The Big 3 Cuts a New Lane to Its Hoop Dreams

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The Big 3 Cuts a New Lane to Its Hoop Dreams

Basketball Hall of Famer Nancy Lieberman (left) and Corin Adams

Basketball Hall of Famer Nancy Lieberman (left) and Corin Adams

Basketball Hall of Famer Nancy Lieberman (left) and Corin Adams

Basketball Hall of Famer Nancy Lieberman (left) and Corin Adams

Corin Adams and Donovan Conaway, Spokesman Contributors

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MIAMI — The Big 3 doesn’t just talk trash when it comes to diversity and inclusion, it drives straight to the hoop.

The professional 3-on-3 basketball league, founded by African-American Hip Hop musician and actor O’Shea “Ice Cube” Jackson and entertainment executive Jeff Kwatinetz, has 12 teams made up mostly of former NBA star players.

Despite featuring some of the biggest names in basketball for the past decade, what people are taking notice of is how is how diverse its operation is.

The league hired sports executive Amy Trask, former CEO of the Oakland Raiders and a sports analyst for CBS, and WNBA stars Nancy Lieberman and Lisa Leslie to become head coaches of Big 3 teams Power and Triplets, respectively. Not only were they hired as head coaches, but their paychecks are equal to that of their male counterparts.

At the Diversity In Sports session at the National Association of Black Journalists (NABJ) Convention in Miami, Ice Cube and Kwatinetz made it very clear they weren’t trying to be “inclusive” and “fair,” but aimed to hire the most qualified and established people for the job, no matter what they looked like.

“We want the smartest people in the room, the most talented and gender has nothing to do with that,” Ice Cube said of the league. “We want the best and we try to get them to the Big 3. Our philosophy is let’s get the cream of the crop, no matter what that looks like.”

Kwatinetz said he received a lot of criticism for hiring Lieberman but, “We brought in the person that we thought was most capable of winning. It was sweet justice that she out coached everyone and won the championship in her first year.”

“Diversity to me is, ‘you are asking me to come to the dance?’ Inclusion is you want to dance with me. It’s that simple,” Lieberman said.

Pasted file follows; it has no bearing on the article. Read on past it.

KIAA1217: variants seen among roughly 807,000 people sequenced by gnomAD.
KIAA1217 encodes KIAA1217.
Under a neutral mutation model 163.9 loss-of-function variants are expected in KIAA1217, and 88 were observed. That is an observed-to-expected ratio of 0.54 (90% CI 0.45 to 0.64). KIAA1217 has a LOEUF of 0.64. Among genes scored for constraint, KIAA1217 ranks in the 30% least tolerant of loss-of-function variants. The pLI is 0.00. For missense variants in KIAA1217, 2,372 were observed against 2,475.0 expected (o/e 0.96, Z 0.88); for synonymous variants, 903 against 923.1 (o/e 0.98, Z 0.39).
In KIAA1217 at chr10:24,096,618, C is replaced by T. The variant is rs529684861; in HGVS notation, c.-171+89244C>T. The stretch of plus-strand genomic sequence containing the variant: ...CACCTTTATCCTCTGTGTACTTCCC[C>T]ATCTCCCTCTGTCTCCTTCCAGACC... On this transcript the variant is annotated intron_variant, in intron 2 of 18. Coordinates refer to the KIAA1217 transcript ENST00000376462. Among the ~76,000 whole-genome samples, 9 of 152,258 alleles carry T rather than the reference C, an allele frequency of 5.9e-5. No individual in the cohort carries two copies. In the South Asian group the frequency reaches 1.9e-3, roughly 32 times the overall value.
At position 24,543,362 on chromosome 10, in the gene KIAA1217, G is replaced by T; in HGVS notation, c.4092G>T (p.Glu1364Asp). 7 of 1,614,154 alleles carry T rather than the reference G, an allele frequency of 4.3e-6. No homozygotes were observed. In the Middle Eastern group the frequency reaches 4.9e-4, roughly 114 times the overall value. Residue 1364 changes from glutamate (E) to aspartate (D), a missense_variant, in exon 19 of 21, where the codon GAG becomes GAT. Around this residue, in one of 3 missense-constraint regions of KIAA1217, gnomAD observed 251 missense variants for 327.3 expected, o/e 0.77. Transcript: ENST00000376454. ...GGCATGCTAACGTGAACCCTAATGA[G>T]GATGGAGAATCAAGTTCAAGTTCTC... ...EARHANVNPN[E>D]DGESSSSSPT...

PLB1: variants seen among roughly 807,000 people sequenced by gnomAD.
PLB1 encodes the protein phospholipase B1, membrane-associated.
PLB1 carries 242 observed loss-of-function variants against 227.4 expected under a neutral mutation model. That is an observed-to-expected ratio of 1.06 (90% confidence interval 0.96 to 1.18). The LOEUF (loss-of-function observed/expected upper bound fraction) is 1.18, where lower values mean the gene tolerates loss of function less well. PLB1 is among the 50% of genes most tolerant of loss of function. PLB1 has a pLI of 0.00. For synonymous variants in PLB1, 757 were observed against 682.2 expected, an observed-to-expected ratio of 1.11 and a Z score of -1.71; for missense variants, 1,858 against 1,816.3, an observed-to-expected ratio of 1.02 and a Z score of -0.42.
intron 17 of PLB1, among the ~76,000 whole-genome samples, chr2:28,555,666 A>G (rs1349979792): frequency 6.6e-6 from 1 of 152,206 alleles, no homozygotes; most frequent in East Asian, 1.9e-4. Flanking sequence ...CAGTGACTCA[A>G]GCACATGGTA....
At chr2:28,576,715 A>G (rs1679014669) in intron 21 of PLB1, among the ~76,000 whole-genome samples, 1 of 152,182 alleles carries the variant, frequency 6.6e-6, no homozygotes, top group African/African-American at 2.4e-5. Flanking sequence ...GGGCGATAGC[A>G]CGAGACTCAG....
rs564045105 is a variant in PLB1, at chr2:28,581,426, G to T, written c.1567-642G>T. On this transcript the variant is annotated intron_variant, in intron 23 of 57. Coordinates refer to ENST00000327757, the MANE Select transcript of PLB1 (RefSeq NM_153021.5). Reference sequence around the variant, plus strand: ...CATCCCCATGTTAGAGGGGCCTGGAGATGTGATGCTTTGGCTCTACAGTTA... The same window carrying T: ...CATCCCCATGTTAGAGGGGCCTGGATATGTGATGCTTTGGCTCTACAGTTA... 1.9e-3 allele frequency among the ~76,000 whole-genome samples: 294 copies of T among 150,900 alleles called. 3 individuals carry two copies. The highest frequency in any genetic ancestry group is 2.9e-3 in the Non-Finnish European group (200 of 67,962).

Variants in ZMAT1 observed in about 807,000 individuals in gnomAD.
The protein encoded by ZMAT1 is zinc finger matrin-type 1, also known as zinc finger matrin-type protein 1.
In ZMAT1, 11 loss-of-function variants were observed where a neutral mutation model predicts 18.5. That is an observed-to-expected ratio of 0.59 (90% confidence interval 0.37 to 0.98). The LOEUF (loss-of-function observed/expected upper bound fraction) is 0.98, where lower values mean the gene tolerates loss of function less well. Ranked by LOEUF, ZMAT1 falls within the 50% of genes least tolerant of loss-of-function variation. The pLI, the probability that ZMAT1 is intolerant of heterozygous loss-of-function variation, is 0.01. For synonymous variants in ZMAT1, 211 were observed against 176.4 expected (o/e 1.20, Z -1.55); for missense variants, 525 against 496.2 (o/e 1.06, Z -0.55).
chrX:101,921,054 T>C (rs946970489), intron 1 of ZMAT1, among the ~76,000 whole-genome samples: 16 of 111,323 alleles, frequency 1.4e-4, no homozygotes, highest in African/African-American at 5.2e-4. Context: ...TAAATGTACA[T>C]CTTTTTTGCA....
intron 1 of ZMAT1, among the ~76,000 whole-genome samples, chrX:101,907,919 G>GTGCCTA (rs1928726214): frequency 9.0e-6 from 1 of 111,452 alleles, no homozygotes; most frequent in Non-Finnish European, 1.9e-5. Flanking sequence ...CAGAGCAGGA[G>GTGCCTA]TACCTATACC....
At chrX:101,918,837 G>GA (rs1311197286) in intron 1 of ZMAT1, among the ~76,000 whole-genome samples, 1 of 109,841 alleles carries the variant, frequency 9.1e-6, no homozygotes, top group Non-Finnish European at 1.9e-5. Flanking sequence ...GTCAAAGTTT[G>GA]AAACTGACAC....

‘What’s being called inclusive today – should be considered the norm,” Lieberman said, adding that she was grateful that Ice Cube and Kwatinetz made her feel “normal.”

These changes to the culture don’t come without pushback.

“It’s not about people staying in their lane, it’s about challenging what the lanes are,” said Kwatinetz. “I think what we are doing is scaring people, because we are empowering athletes and owners don’t want to empower athletes. We are dangerous the NBA and the other leagues, but we are really dangerous to the NFL.”

Despite its early popularity, Ice Cube and Kwatinetz said they believe they aren’t getting the coverage that some other leagues do because they are doing it their own way.

“There is no 3-on-3 bigger than the Big 3; nowhere in the world,” said Ice Cube. “We have the athletes that everyone knows and everyone wants to see. Our coaches are basketball gods. So why can’t we get our league covered by ESPN? We just want to know why, because we don’t know. We just want some more respect or some answers on why we can’t be covered.”

Back in April, Ice Cube and a group of investors made a bid to buy 21 TV regional sports channels that Disney was forced to sell, but they were outbid by Sinclair Broadcasting. The reported $10 billion deal has not officially closed, however, creating a chance that another bidder may be able to come in and make a deal.

“The RSNs (regional sports networks) are still up for grabs,” said Ice Cube. “Trying to put up a fund of $10 billion isn’t easy. We feel like we still have another shot at it…. Once we get that, we will have a home for everyone.”

A contingent of Morgan State University students representing the School of Global Journalism and Communication are attending and covering the annual National Association of Black Journalists in Miami. This story is part of that coverage.